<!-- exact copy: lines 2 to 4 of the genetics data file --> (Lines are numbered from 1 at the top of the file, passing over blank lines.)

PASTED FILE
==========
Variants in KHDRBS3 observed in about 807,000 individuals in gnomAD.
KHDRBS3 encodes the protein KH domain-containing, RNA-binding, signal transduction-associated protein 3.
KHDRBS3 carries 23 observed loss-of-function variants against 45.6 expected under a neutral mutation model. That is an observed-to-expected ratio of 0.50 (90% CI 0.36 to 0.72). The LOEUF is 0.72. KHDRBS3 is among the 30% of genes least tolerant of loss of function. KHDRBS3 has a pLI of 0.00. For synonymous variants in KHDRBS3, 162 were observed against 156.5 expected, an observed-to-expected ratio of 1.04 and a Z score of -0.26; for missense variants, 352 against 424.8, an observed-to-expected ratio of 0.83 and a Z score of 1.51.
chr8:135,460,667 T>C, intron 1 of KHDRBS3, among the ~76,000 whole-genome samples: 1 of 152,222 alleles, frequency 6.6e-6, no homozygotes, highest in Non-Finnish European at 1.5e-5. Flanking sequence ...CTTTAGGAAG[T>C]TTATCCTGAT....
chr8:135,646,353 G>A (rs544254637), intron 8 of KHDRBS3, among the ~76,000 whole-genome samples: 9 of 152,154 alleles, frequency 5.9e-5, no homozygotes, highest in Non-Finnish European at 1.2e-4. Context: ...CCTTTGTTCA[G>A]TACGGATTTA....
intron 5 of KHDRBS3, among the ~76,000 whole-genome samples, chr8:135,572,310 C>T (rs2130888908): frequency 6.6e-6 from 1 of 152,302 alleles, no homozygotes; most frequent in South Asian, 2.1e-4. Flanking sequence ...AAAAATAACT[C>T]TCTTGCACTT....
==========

KHDRBS3 encodes the protein KH domain-containing, RNA-binding, signal transduction-associated protein 3.
KHDRBS3 carries 23 observed loss-of-function variants against 45.6 expected under a neutral mutation model. That is an observed-to-expected ratio of 0.50 (90% CI 0.36 to 0.72). The LOEUF is 0.72. KHDRBS3 is among the 30% of genes least tolerant of loss of function. KHDRBS3 has a pLI of 0.00. For synonymous variants in KHDRBS3, 162 were observed against 156.5 expected, an observed-to-expected ratio of 1.04 and a Z score of -0.26; for missense variants, 352 against 424.8, an observed-to-expected ratio of 0.83 and a Z score of 1.51.
chr8:135,460,667 T>C, intron 1 of KHDRBS3, among the ~76,000 whole-genome samples: 1 of 152,222 alleles, frequency 6.6e-6, no homozygotes, highest in Non-Finnish European at 1.5e-5. Flanking sequence ...CTTTAGGAAG[T>C]TTATCCTGAT....